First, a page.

The calls don’t often come after midnight. The phone by the bed rings and wakes Sally-Ann before me.
‘Joe,’ she says. ‘Joe!’
I wake up to soft hits and answer the line with a groggy voice.
The voice on the other ends barks an address far off in the woods where the trees stretch out for a thousand kilometres in every direction. Across the border. Deep in the forest.
‘Can you repeat that for me?’ I ask and he does. Then he hangs up. I note it down in half-asleep chicken scratch on a loose piece of note paper and stuff it into the pocket of the trousers I slip on with a reflex as I slide out of bed.
‘Drive safe’, Sally-Ann says as if I don’t.
I finish dressing on the way to the truck and fire her up in the pitch black. I’ve got a habit of not checking the time on these kinds of calls. Best not to know. They pay me a flat fee and, anyway, I don’t want to be bitter if I’m a few hours off a good rest.
I roll out of the driveway as I fish for the directory. I balance it on my knee as the truck kisses the white lines on either side of the lane. No one is awake to see. There’s nothing to hit out here except trees or wallabies.
My left index finger finds the address. A winding back street deep in the forest and far away. I put the book away and accelerate. The engine growls and we push forward.
It is always easy to drive this early. The moon sits high in the sky but its soft light does not quite cut through the overgrowth. The headlights do, bathing the road ahead for hundreds of metres. You can see potholes easily but you can’t tell how far down the gullies are.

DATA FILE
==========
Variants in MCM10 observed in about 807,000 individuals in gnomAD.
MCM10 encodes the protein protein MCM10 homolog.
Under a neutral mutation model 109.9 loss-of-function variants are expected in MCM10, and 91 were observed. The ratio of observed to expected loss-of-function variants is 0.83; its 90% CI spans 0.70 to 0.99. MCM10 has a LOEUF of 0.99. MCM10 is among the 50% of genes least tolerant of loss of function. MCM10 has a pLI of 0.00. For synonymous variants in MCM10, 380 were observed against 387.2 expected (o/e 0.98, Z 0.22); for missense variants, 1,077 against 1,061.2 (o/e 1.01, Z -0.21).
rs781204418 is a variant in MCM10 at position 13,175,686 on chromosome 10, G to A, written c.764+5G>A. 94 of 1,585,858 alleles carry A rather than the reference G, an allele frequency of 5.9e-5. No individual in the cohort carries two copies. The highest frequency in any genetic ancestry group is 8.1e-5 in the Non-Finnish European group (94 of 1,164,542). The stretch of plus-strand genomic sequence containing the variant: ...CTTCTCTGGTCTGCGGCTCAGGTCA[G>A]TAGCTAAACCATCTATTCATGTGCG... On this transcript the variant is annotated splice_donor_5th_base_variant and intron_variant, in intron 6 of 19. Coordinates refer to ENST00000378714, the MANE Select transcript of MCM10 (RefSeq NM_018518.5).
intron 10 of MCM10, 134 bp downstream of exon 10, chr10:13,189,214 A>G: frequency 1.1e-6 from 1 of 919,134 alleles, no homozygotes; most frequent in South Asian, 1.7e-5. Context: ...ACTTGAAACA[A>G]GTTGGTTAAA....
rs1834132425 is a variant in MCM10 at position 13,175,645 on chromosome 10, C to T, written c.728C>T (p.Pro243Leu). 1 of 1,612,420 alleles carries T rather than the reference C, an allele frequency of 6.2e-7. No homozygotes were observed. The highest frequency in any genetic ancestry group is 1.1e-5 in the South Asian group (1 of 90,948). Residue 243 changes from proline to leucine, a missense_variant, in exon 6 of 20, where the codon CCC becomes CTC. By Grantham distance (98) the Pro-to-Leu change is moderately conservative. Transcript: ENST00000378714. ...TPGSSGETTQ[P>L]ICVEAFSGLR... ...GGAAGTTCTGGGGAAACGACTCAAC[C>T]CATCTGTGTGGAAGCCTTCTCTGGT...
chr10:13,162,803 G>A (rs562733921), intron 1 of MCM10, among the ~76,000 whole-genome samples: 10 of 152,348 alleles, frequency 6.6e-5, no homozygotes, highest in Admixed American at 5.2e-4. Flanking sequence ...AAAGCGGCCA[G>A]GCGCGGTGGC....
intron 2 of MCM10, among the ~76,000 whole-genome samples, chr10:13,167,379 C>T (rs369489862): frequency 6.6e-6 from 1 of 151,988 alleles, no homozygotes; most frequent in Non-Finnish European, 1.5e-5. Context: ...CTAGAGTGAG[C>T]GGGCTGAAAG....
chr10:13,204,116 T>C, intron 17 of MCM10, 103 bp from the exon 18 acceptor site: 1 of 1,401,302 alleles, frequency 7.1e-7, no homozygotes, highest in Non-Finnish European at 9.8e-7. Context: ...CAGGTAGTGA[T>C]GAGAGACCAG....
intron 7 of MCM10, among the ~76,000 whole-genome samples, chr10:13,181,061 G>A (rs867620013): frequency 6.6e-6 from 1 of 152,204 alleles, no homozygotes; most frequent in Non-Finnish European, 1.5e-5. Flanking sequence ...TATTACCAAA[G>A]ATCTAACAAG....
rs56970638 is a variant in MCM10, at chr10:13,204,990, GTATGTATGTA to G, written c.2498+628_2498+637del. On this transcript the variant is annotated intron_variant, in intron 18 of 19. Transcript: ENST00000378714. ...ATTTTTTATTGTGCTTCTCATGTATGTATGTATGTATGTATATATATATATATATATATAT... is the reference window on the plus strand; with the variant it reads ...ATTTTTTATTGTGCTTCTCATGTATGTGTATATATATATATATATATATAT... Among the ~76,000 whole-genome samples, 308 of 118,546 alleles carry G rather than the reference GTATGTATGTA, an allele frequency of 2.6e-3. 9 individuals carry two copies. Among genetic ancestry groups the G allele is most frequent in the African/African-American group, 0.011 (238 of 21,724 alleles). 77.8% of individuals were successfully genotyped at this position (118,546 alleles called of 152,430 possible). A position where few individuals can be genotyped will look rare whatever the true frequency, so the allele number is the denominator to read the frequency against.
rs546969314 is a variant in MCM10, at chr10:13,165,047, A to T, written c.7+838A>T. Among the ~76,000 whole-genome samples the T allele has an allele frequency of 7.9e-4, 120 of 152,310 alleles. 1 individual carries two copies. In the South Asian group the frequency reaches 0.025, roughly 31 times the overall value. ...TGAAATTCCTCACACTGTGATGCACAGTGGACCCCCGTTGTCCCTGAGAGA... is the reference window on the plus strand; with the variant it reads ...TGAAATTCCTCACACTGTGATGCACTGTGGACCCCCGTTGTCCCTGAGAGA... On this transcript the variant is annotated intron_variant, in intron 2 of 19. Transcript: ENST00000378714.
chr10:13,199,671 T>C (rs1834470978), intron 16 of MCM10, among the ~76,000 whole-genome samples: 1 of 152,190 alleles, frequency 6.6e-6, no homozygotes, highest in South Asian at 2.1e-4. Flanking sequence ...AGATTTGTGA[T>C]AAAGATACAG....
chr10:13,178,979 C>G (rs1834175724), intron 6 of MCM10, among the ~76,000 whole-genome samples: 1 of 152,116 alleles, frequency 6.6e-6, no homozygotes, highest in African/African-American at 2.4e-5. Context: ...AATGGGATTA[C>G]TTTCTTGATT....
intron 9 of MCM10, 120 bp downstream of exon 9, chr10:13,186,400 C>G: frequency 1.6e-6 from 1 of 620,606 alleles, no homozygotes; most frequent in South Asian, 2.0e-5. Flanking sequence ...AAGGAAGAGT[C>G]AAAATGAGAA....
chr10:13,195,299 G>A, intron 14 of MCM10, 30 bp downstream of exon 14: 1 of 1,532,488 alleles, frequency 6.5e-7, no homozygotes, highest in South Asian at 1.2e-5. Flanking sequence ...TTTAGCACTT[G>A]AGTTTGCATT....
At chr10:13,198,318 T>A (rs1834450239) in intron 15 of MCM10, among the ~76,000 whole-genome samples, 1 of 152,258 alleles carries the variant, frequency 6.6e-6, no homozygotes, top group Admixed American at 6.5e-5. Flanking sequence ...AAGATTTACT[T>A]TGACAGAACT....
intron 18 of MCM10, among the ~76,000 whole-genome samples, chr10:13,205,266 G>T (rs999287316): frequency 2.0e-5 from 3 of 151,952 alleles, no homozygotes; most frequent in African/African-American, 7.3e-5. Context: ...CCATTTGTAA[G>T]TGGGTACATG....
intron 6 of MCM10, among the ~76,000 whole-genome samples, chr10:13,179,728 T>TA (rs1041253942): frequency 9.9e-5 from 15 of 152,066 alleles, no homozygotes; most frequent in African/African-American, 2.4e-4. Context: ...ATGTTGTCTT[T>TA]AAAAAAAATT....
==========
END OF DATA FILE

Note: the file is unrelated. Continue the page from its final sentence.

The climb through and around the range is easier in smaller cars. The lanes shrink and grow over and over but the trucks take right of way. Every breakdown out here is an emergency.
I swear and swerve to avoid a wallaby that bounces across the road. Feet slamming onto the brakes at 112 kays, the wheels screech and my heart jumps, and the wallaby runs off.
They all know about us, the people, driving endlessly across their backyard. They must know how it can go wrong but they never seem to learn. My mind lingers on an old incident with a joey in the silence so I turn on the radio.
The frequencies don’t cut through the trees so well out here and the antenna on the truck wobbles in its bracket. Sally-Ann won’t sit in the truck until I get it fixed. She says the seats are uncomfortable, that they throw her back out.
Besides, she says, we have the sedan.
Then white headlights cut through the darkness up ahead. High beams turning, spilling a gumtree kaleidoscope across my dash. In a moment, they’re gone. I rub my eyes and see nothing.
I should have made a coffee. I crave one as the phone in the console rings.
‘Joe’s All-Hours,’ I say.
‘It’s me,’ Sally-Ann says. ‘He’s calling again to see how far off you are.’
I look to the clock on the dash even though I don’t want to.
‘Forty minutes, I think.’
‘I’ll tell him an hour, but he asked you to hurry.’
‘Don’t,’ she reminds me. ‘Drive safe. It’s late Joe.’
‘It’s okay Sally-Ann. Always is.’
‘Hey,’ I ask before she hangs up, ‘did he sound funny to you?’
I know Sally-Ann shrugs on the end of the line.
‘Not funny,’ she says, ‘just… Russian.’
‘Dobroy nochi,’ she says in a bad accent.
‘Where did you learn that?’
‘From a movie I watched once. While you were out driving. Good night Joe.’
‘See you when I get back, love.’
She hangs up. I drive on, sent to find a Russian in the Outback well after dark.